changes for C++ constructors on psim
ralf_corsepius at rtems.org
Fri May 7 09:33:06 UTC 2004
On Fri, 2004-05-07 at 08:20, Chris Johns wrote:
> Ralf Corsepius wrote:
> > Sorry, no. We had been using <iostream.h> on purpose, because <iostream>
> > is a feature having been added by newer C++ standards, not being
> > supported by older C++ compilers.
> This is to bring the test in line with the current standard which seems
> like a good idea.
No problem with me ;)
> > * <iostream> is not supported by older compilers (e.g. gcc < 3.0)
> > => using <iostream> means giving up gcc < 3.0
> > => Trying to use <iostream> will make further steps inevitable.
> > Possible steps:
> > * Rely on <iostream> and let building fail otherwise (I.e. abandon gcc <
> > 3.0)
> Seems ok with me. Can you build RTEMS with older versions of GCC (<3.0)
> now ?
I don't know ;)
I am pretty certain the C-parts build. I am quite sure C++ builds for
most targets, but I would not bet if C++ works.
> My understanding is you could not for other reasons such as movement of
> system header files.
Well, this isn't the real problem with RTEMS and C++.
Off hand, IIRC, the only c++ system header the RTEMS source-tree uses is
the <iostream> inclusion in cdtest, we are discussing here. cdtest is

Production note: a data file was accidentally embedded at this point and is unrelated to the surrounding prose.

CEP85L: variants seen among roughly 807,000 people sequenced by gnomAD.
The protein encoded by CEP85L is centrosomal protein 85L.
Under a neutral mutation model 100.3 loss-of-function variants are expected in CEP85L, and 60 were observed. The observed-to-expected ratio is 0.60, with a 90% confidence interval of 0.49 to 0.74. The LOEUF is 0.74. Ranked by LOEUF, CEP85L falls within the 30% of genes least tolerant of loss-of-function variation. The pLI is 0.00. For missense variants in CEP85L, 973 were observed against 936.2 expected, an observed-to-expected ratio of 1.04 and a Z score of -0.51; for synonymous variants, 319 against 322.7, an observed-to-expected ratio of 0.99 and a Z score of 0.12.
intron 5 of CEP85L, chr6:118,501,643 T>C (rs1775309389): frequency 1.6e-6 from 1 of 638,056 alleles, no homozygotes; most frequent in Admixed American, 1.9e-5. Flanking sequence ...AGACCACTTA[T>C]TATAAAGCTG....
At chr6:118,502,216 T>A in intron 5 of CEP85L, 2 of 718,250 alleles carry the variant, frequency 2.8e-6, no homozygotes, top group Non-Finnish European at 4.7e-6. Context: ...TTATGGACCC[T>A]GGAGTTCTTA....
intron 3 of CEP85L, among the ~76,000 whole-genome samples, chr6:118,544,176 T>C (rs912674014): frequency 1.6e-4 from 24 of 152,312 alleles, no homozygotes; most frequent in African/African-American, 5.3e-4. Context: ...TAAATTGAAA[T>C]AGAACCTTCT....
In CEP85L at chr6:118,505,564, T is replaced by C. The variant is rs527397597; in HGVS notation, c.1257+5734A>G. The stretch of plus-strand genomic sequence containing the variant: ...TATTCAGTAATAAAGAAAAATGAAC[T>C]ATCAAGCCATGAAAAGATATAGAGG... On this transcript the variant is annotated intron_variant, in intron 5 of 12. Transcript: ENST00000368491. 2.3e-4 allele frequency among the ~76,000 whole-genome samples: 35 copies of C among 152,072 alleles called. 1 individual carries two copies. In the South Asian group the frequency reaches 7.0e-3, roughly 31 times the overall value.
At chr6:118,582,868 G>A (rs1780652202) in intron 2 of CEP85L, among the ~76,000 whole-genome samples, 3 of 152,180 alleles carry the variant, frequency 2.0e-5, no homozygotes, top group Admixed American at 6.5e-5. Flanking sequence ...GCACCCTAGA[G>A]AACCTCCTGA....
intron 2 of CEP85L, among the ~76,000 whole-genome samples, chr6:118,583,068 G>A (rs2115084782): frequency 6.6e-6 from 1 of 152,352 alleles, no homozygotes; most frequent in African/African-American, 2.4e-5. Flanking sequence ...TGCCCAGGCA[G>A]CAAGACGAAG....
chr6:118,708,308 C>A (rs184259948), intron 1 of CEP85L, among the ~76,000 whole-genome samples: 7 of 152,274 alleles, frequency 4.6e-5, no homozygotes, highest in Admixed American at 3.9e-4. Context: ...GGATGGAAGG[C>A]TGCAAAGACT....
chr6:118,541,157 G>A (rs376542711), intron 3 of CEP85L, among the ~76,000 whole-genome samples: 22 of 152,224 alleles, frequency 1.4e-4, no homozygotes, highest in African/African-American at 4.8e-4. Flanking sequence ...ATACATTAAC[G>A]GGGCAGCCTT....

"just an application" and not part of the actual OS. So this doesn't
have much impact on "The RTEMS OS" and the "RTEMS API"
The actual C++ problems are elsewhere:
* Interfacing RTEMS memory management to libstdc++/g++ (The static
* Interfacing RTEMS to libstdc++/g++ (libstdc++/config/*)
* Frequent general changes to internal of libstdc++ in GCC (E.g.
remember the atomic locks).
* Interfacing GCC's c++ to its target low level backends (Most of the
problematic parts we are discussing here, actually are implemented at
the lowest level in gcc).
I.e. the actual problem with C++ and RTEMS is not C++ code but the C++
implementation details in GCC itself and implicit assumptions BSPs make
on compilers' behaviors.
ATM, it's static constructors again (Yes, we've had this issue before,
IIRC, between gcc-2.95.x and gcc-3.0), it had been RTEMS thread support
and architecture specific locks in libstdc++, and I would not be too
much astounded if resolving the libstdc++/config/* warnings in gcc >=
3.4.0 might have one or more surprise lurking ;)
> > * Stay with <iostream.h> and live with the warning. Confusing to users,
> > the least problematic approach until somebody wants to use a compiler
> > without it (i.e. until gcc abandons "backward" headers - AFAICT, even
> > gcc-3.5 still has them, and I don't recall having read about a
> > time-frame to finally abandon them)
> Not too concerned which way this one goes.
OK, I'll look into this.
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